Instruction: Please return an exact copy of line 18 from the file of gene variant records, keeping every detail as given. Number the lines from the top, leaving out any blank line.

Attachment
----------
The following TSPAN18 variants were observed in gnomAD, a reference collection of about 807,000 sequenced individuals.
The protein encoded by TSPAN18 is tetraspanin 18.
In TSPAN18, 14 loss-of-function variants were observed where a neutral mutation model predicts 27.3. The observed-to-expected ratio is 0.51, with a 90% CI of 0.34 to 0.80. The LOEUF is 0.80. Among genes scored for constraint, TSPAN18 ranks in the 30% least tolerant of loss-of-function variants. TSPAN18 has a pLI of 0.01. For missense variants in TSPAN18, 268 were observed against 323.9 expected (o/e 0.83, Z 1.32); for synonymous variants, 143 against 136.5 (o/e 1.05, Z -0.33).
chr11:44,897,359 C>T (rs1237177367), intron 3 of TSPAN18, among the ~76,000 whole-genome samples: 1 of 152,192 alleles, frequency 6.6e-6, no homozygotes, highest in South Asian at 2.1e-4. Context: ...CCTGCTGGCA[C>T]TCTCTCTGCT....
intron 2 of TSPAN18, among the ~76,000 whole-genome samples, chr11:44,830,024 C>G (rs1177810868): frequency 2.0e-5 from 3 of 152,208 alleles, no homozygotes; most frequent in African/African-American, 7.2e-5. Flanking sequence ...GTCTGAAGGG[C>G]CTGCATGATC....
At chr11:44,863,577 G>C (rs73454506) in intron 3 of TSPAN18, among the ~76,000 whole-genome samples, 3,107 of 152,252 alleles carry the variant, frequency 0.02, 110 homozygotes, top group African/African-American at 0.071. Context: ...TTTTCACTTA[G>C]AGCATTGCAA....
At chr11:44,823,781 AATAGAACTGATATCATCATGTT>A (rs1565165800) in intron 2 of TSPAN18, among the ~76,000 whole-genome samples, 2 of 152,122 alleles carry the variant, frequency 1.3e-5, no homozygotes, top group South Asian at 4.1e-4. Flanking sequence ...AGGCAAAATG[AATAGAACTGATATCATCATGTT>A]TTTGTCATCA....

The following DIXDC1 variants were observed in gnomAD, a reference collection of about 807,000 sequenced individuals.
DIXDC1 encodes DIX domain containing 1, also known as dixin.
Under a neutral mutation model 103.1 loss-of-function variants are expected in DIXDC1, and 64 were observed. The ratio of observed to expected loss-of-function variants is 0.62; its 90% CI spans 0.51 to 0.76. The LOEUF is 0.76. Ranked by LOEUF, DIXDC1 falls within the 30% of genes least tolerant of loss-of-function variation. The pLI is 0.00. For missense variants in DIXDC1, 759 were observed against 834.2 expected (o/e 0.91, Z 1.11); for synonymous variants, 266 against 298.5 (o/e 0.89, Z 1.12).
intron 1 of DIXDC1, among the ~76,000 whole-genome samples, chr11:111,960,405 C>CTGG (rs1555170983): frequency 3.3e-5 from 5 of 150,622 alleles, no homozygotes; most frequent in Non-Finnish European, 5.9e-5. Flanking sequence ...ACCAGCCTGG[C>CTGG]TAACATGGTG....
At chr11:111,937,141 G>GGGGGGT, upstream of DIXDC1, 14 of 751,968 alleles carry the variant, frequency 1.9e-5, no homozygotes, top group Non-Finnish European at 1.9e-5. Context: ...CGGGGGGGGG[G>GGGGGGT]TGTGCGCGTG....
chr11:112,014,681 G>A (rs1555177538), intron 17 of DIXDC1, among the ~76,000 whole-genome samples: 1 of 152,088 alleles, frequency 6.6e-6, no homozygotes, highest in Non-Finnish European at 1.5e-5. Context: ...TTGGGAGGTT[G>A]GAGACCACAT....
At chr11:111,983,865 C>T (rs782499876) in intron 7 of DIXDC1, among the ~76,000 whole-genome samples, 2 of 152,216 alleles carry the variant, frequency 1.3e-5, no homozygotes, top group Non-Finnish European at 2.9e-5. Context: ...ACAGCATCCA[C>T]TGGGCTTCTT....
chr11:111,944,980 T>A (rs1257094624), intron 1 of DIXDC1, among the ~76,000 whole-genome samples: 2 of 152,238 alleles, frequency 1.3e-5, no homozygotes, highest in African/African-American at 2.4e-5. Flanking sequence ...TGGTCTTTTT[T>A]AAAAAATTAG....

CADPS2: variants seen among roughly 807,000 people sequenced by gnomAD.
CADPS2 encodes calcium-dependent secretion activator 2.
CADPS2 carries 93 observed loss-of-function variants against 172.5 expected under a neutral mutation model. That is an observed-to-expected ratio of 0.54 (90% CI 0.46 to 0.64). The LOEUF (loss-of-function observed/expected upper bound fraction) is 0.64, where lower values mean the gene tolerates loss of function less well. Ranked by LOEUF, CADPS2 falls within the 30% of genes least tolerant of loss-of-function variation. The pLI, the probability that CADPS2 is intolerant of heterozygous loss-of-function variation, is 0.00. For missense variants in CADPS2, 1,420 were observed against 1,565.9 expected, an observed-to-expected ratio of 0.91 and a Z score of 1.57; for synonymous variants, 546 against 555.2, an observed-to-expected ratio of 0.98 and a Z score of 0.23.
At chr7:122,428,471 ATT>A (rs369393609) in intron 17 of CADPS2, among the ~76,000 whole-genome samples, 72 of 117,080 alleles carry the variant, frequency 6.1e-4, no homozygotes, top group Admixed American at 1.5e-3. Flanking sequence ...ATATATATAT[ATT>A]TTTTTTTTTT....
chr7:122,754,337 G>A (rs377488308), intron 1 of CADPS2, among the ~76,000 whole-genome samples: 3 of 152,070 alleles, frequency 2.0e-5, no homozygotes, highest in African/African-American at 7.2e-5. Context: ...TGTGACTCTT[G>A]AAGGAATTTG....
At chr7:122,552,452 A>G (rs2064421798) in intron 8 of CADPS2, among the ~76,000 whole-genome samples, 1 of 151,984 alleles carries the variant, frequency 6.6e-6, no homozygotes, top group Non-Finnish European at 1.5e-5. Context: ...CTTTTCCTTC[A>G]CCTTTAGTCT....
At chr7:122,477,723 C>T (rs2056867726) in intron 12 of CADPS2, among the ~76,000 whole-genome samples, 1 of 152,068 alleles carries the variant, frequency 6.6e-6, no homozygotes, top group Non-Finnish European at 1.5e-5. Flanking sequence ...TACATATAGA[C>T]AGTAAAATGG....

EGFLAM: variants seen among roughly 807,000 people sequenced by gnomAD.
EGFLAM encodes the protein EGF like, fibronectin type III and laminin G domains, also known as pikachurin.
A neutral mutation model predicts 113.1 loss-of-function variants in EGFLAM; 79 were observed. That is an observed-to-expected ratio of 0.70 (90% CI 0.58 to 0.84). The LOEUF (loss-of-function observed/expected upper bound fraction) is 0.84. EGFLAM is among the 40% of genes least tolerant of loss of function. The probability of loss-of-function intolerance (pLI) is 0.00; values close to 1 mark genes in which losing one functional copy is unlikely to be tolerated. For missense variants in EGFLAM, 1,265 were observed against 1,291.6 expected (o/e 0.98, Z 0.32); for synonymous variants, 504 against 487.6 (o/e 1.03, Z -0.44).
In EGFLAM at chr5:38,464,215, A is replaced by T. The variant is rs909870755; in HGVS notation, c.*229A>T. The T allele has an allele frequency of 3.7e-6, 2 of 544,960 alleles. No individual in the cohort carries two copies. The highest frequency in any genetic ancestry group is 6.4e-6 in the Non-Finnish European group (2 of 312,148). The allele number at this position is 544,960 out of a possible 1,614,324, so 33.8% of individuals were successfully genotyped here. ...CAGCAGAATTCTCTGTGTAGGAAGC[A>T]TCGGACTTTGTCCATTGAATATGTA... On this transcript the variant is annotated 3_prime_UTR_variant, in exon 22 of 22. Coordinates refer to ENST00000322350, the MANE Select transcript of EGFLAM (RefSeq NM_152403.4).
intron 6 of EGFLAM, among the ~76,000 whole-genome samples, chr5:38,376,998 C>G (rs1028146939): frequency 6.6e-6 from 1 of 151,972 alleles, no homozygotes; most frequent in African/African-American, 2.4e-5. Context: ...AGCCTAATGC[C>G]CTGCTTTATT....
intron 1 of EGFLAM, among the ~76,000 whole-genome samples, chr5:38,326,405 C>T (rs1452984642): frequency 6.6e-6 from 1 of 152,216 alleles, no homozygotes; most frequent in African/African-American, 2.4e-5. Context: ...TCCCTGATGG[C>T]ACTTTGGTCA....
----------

CADPS2 carries 93 observed loss-of-function variants against 172.5 expected under a neutral mutation model. That is an observed-to-expected ratio of 0.54 (90% CI 0.46 to 0.64). The LOEUF (loss-of-function observed/expected upper bound fraction) is 0.64, where lower values mean the gene tolerates loss of function less well. Ranked by LOEUF, CADPS2 falls within the 30% of genes least tolerant of loss-of-function variation. The pLI, the probability that CADPS2 is intolerant of heterozygous loss-of-function variation, is 0.00. For missense variants in CADPS2, 1,420 were observed against 1,565.9 expected, an observed-to-expected ratio of 0.91 and a Z score of 1.57; for synonymous variants, 546 against 555.2, an observed-to-expected ratio of 0.98 and a Z score of 0.23.